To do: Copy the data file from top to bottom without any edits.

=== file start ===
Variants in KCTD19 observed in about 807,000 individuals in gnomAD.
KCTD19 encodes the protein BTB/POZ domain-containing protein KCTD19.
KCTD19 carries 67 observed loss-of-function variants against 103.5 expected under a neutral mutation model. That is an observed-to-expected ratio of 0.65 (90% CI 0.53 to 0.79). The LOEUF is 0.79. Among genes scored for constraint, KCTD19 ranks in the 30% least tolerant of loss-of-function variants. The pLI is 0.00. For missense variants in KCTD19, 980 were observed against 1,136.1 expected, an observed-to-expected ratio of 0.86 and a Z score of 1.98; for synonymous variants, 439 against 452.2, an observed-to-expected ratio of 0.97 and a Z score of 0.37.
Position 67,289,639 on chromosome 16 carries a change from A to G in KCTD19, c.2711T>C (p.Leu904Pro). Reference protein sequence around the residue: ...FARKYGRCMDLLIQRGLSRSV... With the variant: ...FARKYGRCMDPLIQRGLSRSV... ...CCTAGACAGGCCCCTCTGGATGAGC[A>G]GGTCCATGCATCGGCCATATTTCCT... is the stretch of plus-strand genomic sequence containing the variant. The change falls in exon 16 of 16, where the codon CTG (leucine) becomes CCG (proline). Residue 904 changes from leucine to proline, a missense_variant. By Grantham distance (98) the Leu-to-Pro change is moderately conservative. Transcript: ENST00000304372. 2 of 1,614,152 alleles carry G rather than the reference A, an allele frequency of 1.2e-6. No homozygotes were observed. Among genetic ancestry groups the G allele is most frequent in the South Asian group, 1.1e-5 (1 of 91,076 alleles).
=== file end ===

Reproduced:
Variants in KCTD19 observed in about 807,000 individuals in gnomAD.
KCTD19 encodes the protein BTB/POZ domain-containing protein KCTD19.
KCTD19 carries 67 observed loss-of-function variants against 103.5 expected under a neutral mutation model. That is an observed-to-expected ratio of 0.65 (90% CI 0.53 to 0.79). The LOEUF is 0.79. Among genes scored for constraint, KCTD19 ranks in the 30% least tolerant of loss-of-function variants. The pLI is 0.00. For missense variants in KCTD19, 980 were observed against 1,136.1 expected, an observed-to-expected ratio of 0.86 and a Z score of 1.98; for synonymous variants, 439 against 452.2, an observed-to-expected ratio of 0.97 and a Z score of 0.37.
Position 67,289,639 on chromosome 16 carries a change from A to G in KCTD19, c.2711T>C (p.Leu904Pro). Reference protein sequence around the residue: ...FARKYGRCMDLLIQRGLSRSV... With the variant: ...FARKYGRCMDPLIQRGLSRSV... ...CCTAGACAGGCCCCTCTGGATGAGC[A>G]GGTCCATGCATCGGCCATATTTCCT... is the stretch of plus-strand genomic sequence containing the variant. The change falls in exon 16 of 16, where the codon CTG (leucine) becomes CCG (proline). Residue 904 changes from leucine to proline, a missense_variant. By Grantham distance (98) the Leu-to-Pro change is moderately conservative. Transcript: ENST00000304372. 2 of 1,614,152 alleles carry G rather than the reference A, an allele frequency of 1.2e-6. No homozygotes were observed. Among genetic ancestry groups the G allele is most frequent in the South Asian group, 1.1e-5 (1 of 91,076 alleles).